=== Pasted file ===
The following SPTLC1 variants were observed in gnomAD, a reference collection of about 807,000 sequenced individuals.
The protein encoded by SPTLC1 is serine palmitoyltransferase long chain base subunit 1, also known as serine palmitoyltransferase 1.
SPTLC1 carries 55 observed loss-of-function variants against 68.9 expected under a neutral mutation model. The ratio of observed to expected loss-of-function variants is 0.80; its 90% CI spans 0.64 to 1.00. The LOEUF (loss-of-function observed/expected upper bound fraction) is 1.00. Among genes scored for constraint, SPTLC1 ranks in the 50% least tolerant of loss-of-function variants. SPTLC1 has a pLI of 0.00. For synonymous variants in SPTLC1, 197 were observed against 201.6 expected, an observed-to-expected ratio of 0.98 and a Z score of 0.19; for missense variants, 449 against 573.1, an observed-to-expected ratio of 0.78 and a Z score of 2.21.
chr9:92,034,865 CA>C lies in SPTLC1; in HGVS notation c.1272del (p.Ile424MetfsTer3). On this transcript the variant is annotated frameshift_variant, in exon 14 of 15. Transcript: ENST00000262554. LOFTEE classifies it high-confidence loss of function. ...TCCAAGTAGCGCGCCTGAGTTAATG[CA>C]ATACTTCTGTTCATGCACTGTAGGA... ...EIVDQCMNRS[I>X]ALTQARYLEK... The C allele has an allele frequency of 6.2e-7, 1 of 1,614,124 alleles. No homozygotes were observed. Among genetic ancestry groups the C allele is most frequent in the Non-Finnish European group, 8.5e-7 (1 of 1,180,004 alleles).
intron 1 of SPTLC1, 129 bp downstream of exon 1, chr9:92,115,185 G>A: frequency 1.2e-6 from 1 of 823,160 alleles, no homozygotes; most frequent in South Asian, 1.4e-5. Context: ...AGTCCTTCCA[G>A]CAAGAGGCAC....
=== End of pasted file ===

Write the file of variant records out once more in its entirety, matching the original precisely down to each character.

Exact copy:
The following SPTLC1 variants were observed in gnomAD, a reference collection of about 807,000 sequenced individuals.
The protein encoded by SPTLC1 is serine palmitoyltransferase long chain base subunit 1, also known as serine palmitoyltransferase 1.
SPTLC1 carries 55 observed loss-of-function variants against 68.9 expected under a neutral mutation model. The ratio of observed to expected loss-of-function variants is 0.80; its 90% CI spans 0.64 to 1.00. The LOEUF (loss-of-function observed/expected upper bound fraction) is 1.00. Among genes scored for constraint, SPTLC1 ranks in the 50% least tolerant of loss-of-function variants. SPTLC1 has a pLI of 0.00. For synonymous variants in SPTLC1, 197 were observed against 201.6 expected, an observed-to-expected ratio of 0.98 and a Z score of 0.19; for missense variants, 449 against 573.1, an observed-to-expected ratio of 0.78 and a Z score of 2.21.
chr9:92,034,865 CA>C lies in SPTLC1; in HGVS notation c.1272del (p.Ile424MetfsTer3). On this transcript the variant is annotated frameshift_variant, in exon 14 of 15. Transcript: ENST00000262554. LOFTEE classifies it high-confidence loss of function. ...TCCAAGTAGCGCGCCTGAGTTAATG[CA>C]ATACTTCTGTTCATGCACTGTAGGA... ...EIVDQCMNRS[I>X]ALTQARYLEK... The C allele has an allele frequency of 6.2e-7, 1 of 1,614,124 alleles. No homozygotes were observed. Among genetic ancestry groups the C allele is most frequent in the Non-Finnish European group, 8.5e-7 (1 of 1,180,004 alleles).
intron 1 of SPTLC1, 129 bp downstream of exon 1, chr9:92,115,185 G>A: frequency 1.2e-6 from 1 of 823,160 alleles, no homozygotes; most frequent in South Asian, 1.4e-5. Context: ...AGTCCTTCCA[G>A]CAAGAGGCAC....